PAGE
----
THE BLOG
01/05/2013 05:32 pm ET Updated Mar 07, 2013

Gosling, Guns, and Gangsters

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With the upcoming (Jan. 11) release of the all-star-cast film Gangster Squad, I spoke with author Paul Lieberman about the movie and his true-life book that inspired it. Paul had shared the stories and his research a couple of years ago when they first appeared in The Los Angeles Times, where he then was its New York-based culture writer. Paul also wrote the introduction to my book, Reflections.

Q: Before I talk about the book version of Gangster Squad can you share with us some inside information from the set especially the Ryan Gosling-Emma Stone story?

A: Can Sean Penn be part of it?

Q: Of course, he plays Mickey Cohen, the showboating mobster who was a headline machine in Los Angeles from WWII through the 1950s.

A: Exactly. For the film, Warner Bros. recreated Slapsy Maxie's, one of Mickey's hangouts, for a scene in which Gosling, playing a cop, meets Emma's character, the movie's femme fatal...

Q: Is that the scene in the trailer in which we see Emma in an alluring red dress at the bar asking Ryan if he intends to take her away from the evil life and his deadpan answer indicates other intentions?

A: ...That's the one. Well, one of the security guards on the set was an old fireman who had been around in the glory days of the real Slapsy Maxie's when the real Mickey would frequent the club with his entourage. During a break Ryan asked him for his most vivid memory of the real Mickey. The guy pointed and said, "He was right at that table. He was telling these lame jokes but everybody was laughing." Just then Emma Stone came out of Sean Penn's trailer, where several of the stars had been kibitzing while waiting for the shoot to resume. Ryan asked her, "How's it going?" And she said, "Oh, Sean's telling all these lame jokes and everyone's laughing."

Q: Art imitating life.

A: It always pays to laugh at the big guy's jokes.

Q: Judging by the trailer, the film seems to be a blend of the old Warner Bros. gangster epics and a modern action movie, meaning the hero (Ryan) gets the girl and the good guys prevail. But your book, which tells the real story of the secretive LAPD squad that battled the mob, is darker. It's classic Noir, a chilling tale from the era that still defines L.A.

A: As I put it in the book, that was a time when truth wasn't found in the sunshine, and justice not found in a marble courthouse. These cops meted out justice at night up on Mulholland Drive, where Sgt. Jack O'Mara would put a gun to the hoodlums' ears. Then on Sunday, he was head usher at his church. He's played by Josh Brolin in the film.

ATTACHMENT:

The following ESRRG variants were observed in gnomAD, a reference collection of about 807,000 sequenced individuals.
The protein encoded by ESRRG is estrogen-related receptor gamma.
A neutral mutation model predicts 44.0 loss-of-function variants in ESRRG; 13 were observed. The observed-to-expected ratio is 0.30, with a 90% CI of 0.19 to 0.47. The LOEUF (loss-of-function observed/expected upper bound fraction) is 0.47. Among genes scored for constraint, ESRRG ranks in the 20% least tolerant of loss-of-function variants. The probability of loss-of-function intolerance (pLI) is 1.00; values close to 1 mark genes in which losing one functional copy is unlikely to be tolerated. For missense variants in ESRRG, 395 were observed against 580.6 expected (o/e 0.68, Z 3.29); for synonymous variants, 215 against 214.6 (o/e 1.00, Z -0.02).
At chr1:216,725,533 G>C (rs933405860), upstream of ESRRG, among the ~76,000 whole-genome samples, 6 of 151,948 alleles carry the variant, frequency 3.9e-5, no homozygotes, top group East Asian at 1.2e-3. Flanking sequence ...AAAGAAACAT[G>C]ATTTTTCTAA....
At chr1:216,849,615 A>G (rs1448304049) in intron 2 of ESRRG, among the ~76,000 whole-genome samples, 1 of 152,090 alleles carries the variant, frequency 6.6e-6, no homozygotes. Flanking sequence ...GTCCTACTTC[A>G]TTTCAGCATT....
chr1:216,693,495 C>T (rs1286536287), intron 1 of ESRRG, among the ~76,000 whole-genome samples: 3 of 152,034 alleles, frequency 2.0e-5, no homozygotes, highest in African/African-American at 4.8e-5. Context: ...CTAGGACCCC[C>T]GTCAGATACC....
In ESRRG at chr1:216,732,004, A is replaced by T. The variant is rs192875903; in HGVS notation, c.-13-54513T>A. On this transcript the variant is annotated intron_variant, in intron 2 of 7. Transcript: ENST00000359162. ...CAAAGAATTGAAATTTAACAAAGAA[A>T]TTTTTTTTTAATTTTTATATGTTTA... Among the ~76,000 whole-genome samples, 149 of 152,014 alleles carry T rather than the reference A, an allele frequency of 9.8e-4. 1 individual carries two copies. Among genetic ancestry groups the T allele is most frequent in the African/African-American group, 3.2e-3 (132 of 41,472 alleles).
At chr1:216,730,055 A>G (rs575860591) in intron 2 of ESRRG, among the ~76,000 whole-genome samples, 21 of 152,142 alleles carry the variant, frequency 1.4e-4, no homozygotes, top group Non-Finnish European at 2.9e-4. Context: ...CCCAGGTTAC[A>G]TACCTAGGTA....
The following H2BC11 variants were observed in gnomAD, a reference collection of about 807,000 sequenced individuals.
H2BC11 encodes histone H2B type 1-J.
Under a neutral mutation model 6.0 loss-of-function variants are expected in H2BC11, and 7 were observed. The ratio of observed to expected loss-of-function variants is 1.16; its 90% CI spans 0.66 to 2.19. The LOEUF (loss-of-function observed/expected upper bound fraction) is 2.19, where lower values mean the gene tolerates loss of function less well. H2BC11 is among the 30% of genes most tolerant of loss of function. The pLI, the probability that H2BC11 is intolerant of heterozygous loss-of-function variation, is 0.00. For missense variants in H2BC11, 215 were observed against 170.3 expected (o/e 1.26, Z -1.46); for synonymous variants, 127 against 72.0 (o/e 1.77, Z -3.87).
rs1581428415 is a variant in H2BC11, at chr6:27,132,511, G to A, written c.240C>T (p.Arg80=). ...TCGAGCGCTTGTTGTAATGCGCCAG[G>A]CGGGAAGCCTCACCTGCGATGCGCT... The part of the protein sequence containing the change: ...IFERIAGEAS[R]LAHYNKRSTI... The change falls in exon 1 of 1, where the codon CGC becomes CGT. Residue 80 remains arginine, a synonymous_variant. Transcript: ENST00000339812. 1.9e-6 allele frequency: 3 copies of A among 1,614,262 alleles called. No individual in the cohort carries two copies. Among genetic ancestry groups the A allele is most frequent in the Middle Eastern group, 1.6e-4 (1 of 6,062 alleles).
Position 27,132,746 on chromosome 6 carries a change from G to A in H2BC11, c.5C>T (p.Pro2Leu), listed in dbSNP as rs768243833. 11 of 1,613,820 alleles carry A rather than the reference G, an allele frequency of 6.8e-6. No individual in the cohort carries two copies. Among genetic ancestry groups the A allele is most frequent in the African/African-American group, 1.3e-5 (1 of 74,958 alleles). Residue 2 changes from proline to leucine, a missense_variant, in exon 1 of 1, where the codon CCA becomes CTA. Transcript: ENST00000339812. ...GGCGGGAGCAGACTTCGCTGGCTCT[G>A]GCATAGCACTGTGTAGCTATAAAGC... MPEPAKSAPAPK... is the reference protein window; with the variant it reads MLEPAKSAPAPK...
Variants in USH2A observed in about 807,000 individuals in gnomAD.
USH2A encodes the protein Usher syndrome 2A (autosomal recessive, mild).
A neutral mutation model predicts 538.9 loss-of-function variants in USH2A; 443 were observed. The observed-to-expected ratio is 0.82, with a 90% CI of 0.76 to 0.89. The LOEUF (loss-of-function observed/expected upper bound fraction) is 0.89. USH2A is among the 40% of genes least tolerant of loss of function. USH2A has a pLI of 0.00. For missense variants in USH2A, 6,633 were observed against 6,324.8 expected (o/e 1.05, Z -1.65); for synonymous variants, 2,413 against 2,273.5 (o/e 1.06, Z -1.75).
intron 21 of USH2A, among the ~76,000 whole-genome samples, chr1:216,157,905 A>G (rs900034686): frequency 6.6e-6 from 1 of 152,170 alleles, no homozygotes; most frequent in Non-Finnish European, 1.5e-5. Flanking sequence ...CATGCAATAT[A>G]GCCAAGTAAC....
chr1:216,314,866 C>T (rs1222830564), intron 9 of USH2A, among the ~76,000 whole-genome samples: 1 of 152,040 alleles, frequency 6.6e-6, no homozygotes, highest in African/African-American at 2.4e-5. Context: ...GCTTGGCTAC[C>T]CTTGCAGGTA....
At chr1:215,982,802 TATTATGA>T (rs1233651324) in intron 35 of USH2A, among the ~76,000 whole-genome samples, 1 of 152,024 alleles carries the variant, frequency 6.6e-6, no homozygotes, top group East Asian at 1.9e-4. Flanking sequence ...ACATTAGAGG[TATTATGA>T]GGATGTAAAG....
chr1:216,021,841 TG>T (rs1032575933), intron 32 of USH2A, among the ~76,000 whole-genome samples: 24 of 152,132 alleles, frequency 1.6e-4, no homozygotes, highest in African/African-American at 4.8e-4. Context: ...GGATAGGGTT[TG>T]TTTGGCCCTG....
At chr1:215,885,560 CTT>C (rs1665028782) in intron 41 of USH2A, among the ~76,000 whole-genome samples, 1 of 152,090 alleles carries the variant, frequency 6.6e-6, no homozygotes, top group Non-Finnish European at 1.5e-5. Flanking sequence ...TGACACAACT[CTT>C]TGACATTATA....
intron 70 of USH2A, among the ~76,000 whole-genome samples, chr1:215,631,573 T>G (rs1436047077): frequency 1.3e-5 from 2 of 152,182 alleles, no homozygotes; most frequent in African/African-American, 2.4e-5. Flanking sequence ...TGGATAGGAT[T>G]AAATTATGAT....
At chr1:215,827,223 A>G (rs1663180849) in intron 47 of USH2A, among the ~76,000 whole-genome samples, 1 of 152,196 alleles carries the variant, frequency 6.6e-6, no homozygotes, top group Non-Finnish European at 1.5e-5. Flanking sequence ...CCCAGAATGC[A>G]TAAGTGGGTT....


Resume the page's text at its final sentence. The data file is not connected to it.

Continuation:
Q: You suggest that Mickey Cohen was a perfect match for Los Angeles as a mobster. Why?

A: Both were obsessed with image. City fathers were determined that their sun-washed paradise not go the way of the cesspool cities back east, like New York and Chicago, where the mob was so powerful. That was the impetus for the LAPD to form the Gangster Squad in 1946. One crime report actually had a section headlined, "The Invasion of Undesirables." Mickey meanwhile was obsessed with building his image as a big-time gangster. He posed at home for "Life" magazine, showing off his shoe closet and the bed custom made for his dog "Tuffy." Today Mickey would have his own reality TV show, no question.

Q. The film says it was "inspired by" the true story. Is that an acknowledgement that a lot is fictionalized?

A: Short answer, yes. The real O'Mara slept with a Tommy gun under his bed and Mickey Cohen complained that the cop played by Gosling, Sgt. Jerry Wooters, was trying to kill him. But those real cops didn't have wild shootouts with Mickey's crew. That's the stuff of a Hollywood gangster films. This one is set in 1949, the year Warner Bros. released one of the classics, White Heat, which was loosely inspired by the real Ma Barker gang. Its famous ending has Jimmy Cagney atop an exploding oil refinery shouting "Made it, ma! Top of the world!" Of course, no gangster blew up like that in real life. That's cinematic invention.

Q. Which also explains the boy-meets-girl storyline, which brings us back to Mr. Gosling, Hollywood's current heartthrob. Was the character he plays really a ladies' man?

A: He was. The real Jerry Wooters was shot down over the Pacific during WWII and kept all these photos of himself making time with lovely nurses. Later he married a stewardess and had two sons, both of whom came to the set. They were taken aback when Ryan, playing their dad, ordered a Nehi soda in one scene. The character had started out drinking hard stuff but Ryan wanted to show him becoming more committed to the squad's mission. The real sons laughed at the touch, though. "The old man never drank soda pop in his life," one said. Indeed, the real Wooters boasted in old age that he used every penny of his police pension on booze. He had a house on the beach in Newport and spent his last years drinking with his buddies on the back patio while watching the California babes pass in their bikinis.

Q: Speaking of Ryan Gosling and Emma Stone, we also see a cute bulldog in the film's trailer, frolicking with the glamorous couple. Is there a back story behind the dog?

A: That's Mickey Cohen's beloved bulldog," Mickey Jr." He came after the fluffy terrier "Tuffy" and went everywhere with the human Mickey. He even got kidnapped once -- alas, the dog-napping is an episode in the book version of "Gangster Squad" that never made the film.

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GOSLING, GUNS, AND GANGSTERS